Retail expert Tony Dupaquier is teaching his F&I students to think forward, such embracing one employee for both sales and F&I and using services such as GoToMeeting to reach online customers.
Dupaquier took over as director of The Academy, an F&I training center, in Austin, Texas, in June. The Academy is part of Service Group, an F&I income development company that provides insurance products, training and servicing solutions to dealerships.
Dupaquier, who has worked for and with auto retailers for nearly 25 years, will teach classes on F&I, Internet sales, vehicle sales, and sales management.
He is also developing the school’s curriculum and marketing outreach.
Before joining The Academy, Dupaquier was director of training at consulting firm American Financial & Automotive Services for 15 years.
Dupaquier spoke this week with Staff Reporter Hannah Lutz.
What F&I ideas will you bring to your new position?
More forward-thinking techniques, things like hybrid F&I where you have a single individual that not only sells the vehicle but also introduces the F&I products.
We’re also working on how to bring F&I to the online customer. One of the easiest ways that’s currently available is through online meeting services, like join.me and GoTo Meeting.
We’re also re-evaluating the sales processes inside the dealership to be more forward-thinking for today’s more progressive customer. Manufacturers are pushing the dealerships to update their sales techniques for the younger generation customer, but there are not a lot of solutions for that right now. Now we’re looking at other industries’ techniques to integrate into the automotive field.
What main points that today’s F&I managers or dealers may be missing will you emphasize to students?
Presentations have got to be about the customer. The personalization of the products to the customer are imperative, especially with today’s younger-generation, tech-savvy customer base. A lot of traditional F&I processes seem to be more about the F&I manager trying to sell the customer something, while today’s younger generation, the millennial customer, they investigate products so much. They want to see how products work in their life specifically. It has to be about them. The F&I process has to be about the customer, not the F&I manager.
Do you train students to approach younger customers differently than older consumers?
Our F&I process is more designed for the Millennial-Gen Y customer base. They’re the most predominant in the buying industry. We’ve come to find out that the techniques that work very well with the millennial customer base work equally well, if not better, with all customer bases.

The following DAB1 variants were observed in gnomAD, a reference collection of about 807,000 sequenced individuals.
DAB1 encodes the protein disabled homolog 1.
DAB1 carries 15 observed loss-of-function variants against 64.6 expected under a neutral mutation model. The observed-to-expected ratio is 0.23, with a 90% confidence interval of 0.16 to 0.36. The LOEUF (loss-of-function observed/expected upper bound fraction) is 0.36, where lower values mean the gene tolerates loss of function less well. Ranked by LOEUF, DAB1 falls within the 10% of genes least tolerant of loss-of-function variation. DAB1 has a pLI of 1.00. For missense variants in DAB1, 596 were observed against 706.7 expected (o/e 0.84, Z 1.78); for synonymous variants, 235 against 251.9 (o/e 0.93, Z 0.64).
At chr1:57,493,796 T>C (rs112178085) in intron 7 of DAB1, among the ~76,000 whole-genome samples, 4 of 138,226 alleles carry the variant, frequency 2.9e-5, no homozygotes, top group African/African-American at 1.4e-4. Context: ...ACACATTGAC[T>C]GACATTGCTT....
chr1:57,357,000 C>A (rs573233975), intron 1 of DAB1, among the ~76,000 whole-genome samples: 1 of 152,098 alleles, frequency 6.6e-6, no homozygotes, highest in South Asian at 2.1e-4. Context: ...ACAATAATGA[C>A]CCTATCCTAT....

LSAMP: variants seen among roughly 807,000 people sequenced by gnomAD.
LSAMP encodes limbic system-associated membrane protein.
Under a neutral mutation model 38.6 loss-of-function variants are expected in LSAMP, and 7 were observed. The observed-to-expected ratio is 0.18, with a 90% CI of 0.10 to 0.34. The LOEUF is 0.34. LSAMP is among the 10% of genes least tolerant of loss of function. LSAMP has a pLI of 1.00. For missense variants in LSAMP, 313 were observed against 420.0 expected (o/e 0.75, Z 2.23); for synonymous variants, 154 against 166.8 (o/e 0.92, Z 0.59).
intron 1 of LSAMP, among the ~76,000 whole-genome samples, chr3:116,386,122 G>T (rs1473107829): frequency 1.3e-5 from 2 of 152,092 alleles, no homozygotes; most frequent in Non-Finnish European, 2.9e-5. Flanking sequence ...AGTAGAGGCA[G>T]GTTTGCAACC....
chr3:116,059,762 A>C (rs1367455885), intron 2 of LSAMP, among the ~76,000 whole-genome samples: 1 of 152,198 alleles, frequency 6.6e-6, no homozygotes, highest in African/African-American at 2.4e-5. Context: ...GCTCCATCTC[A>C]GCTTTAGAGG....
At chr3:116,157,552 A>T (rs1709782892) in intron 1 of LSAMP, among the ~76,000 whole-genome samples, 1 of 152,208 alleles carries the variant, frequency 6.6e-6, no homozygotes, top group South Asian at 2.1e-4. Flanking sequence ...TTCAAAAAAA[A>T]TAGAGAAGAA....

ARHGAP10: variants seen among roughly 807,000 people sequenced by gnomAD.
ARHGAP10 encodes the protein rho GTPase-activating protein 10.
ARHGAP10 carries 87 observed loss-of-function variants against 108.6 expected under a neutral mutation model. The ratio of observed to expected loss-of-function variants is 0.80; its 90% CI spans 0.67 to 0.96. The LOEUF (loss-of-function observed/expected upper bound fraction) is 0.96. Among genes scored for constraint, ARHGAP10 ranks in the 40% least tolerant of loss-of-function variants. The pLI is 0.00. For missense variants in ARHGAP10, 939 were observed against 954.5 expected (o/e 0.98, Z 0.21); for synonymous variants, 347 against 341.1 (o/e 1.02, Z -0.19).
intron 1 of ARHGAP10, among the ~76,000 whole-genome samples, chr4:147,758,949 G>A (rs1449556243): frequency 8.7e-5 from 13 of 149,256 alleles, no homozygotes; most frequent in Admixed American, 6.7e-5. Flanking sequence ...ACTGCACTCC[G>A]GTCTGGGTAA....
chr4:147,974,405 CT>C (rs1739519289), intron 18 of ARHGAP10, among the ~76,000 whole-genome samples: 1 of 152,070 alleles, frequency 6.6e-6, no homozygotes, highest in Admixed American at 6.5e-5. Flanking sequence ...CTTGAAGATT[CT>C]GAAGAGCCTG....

When we can work and be successful with a 23-year-old female, most other customers are a little bit easier. Millennials are the hardest customers in the market because they have grown up on the Internet. They’ve grown up with Google. If they want to know something, they look it up. If they walk in and someone tries to sell them something, they’re not going to be interested. We design our training and processes around our most difficult customer. When we have success with our most difficult customers, everyone else is easier.
How does technology change dealerships’ F&I processes?
We certainly endorse utilizing tablet menus to allow business managers to go to customers. Last week, working with an RV dealership on a tablet menu, we were doing the transaction essentially inside the RV with the people that were buying. I don’t foresee doing that within the confines of a car, but tablet technology and WiFi allows F&I managers to go to the customer.
What are some of the differences between the F&I managers in training and veteran F&I managers?
Overall, the business managers that we see in class are, for the most part, all the same cut. Whether they are a tenured business manager or a brand-new business manager coming off of the floor, there always seems to be certain traits of those people that are common. One of them is the basic ability to accept a “no” answer and not get flustered. We find that millennials are great salespeople, but they don’t respond well to the direct “no” answer. If they’re able to move past it, those are the ones who become the business managers.